It’s not reaching to say that a romance needs some semblance of passion in order to reach the hearts of the people watching it. It’s not believable if two monotonous, blank-faced people “fall in love,” because nobody watching is going to get that sort of feeling. It’s impossible to care about them when this is the case. Such is A Promise, which has two monotonous, blank-faced people — but we’re supposed to care, because … I actually have no idea why.
Beginning in 1912 Germany — despite everyone speaking English with British accents; in these cases I always like to think they’re being “translated” for our sakes — A Promise follows a young engineer named Ludwig (Richard Madden), who begins interning under businessman Karl Hoffmeister (Alan Rickman) and within just a few scenes winds up living in the elder man’s house and becoming his second in command. Seriously. He gets promotion after promotion in a matter of minutes before settling as a live-in right-hand man. Karl has a wife, Charlotte (Rebecca Hall), with whom Ludwig immediately becomes enamored.
Or, I guessed that he did. He never actually shows it. He stares at her, and sniffs her piano — I don’t know why — but he never really shows a shred of emotion for the film’s entirety. I understand why — this is his boss’ wife, after all — but even in private he does little more than sit around, emotionless, and stare. It doesn’t help things cinematically or to get us to invest in the proceedings. Maybe that’s what people did in Germany in 1912, but somehow I doubt it. To be fair, Charlotte is equally passionless. The two spend time together and have fun while enjoying one another’s company, but it never screams “romance.”
The titular “promise,” by the way, is something that happens a long while into the film, after the romance has been established — or, at least, the filmmakers attempt to establish it. If you recall from history, 1912 was just a couple of years before a certain important event, and such an event is going to separate our lovers for several years. No prizes for guessing what the promise is.
Obviously, the primary problem is that romance is passionless and it’s almost impossible to care about anything that happens in regard to these two individuals. They don’t seem to care too much about one another — nothing more than semi-close friends, anyway — and their romance contains few sparks. But the way the film is structured is also a mess. It takes over an hour for the promise to be made, meaning we have to zoom through about a decade of the characters’ lives in around 30 minutes, which doesn’t do it any justice at all. That type of compression really isn’t feasible, especially when a sense of longing is what the filmmakers are trying to convey.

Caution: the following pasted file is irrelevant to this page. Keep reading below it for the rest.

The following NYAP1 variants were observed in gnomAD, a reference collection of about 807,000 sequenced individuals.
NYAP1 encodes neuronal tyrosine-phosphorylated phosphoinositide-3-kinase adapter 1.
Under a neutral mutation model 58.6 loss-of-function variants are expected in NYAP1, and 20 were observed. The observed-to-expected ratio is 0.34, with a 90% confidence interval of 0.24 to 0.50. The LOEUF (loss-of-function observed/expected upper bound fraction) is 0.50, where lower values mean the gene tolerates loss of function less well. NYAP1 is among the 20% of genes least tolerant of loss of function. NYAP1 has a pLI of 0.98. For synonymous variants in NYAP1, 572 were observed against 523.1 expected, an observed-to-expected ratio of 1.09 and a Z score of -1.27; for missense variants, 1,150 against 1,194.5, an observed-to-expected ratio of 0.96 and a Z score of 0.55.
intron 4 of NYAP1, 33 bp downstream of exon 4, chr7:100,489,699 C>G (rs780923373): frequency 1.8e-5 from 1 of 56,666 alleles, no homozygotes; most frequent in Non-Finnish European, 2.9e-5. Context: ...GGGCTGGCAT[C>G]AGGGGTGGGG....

It’s a shame that nothing feels like it matters, because it seems like this should work. A strong cast — Rebecca Hall and Alan Rickman are great; I haven’t seen enough of Richard Madden to make that conclusion, but in the “non-love-stricken” scenes, he’s good in this film — an experienced director, and a tried-and-true premise should all lead to a better film than this.
Patrice Leconte served as A Promise‘s director — his English-language debut — and to the film he brought an interesting cinematographic choice. In more shots than not — I didn’t count, but I’m pretty sure it’s the majority — the shot will open wider than it finishes. There’s a quick zoom in the middle of many of them which bring us closer to the action. I can’t honestly say there’s any reason for this, other than to give the film a unique style, but it does accomplish that task.
There’s no depth to anything in this film. It resembles a poor Nicholas Sparks adaptation in that aspect. The characters are paper-thin, and there’s nothing to think about besides the poor romance. This would be acceptable if the romance worked, but it doesn’t at all. And because the romance is such a complete failure, we look to secondary sources to hold our attention. When there isn’t anything, it’s tempting to write a film off. The film’s style can only go so far, especially when it’s one little camera technique repeated over and over again.
It’s weird that A Promise‘s romance is as dead-on-arrival as it is. As I mentioned, these are good actors. And they’re even good in this film, but only when they’re not trying to act like they’re in love. It doesn’t even seem to be a matter of chemistry, as the two lead actors seem to get along well whenever they’re not trying to act like they’re in love. Were they directed to act like they’re not interested in one another? Why? Alan Rickman, by the way, only occasionally appears, and only does so to (1) give us a reason the two leads can’t be together and (2) provide some mild laughs.
A Promise is a drag of a movie. It’s a romantic period drama that lacks any sort of romance or additional depth, which means that there really isn’t much reason to watch it. Its director gives the film its own style, and you do feel immersed in the recreation of pre-WWI Germany, but there’s little to compel an audience and even less reason to care about anything that happens, as the actors seem to believe in the central romance even less than we do.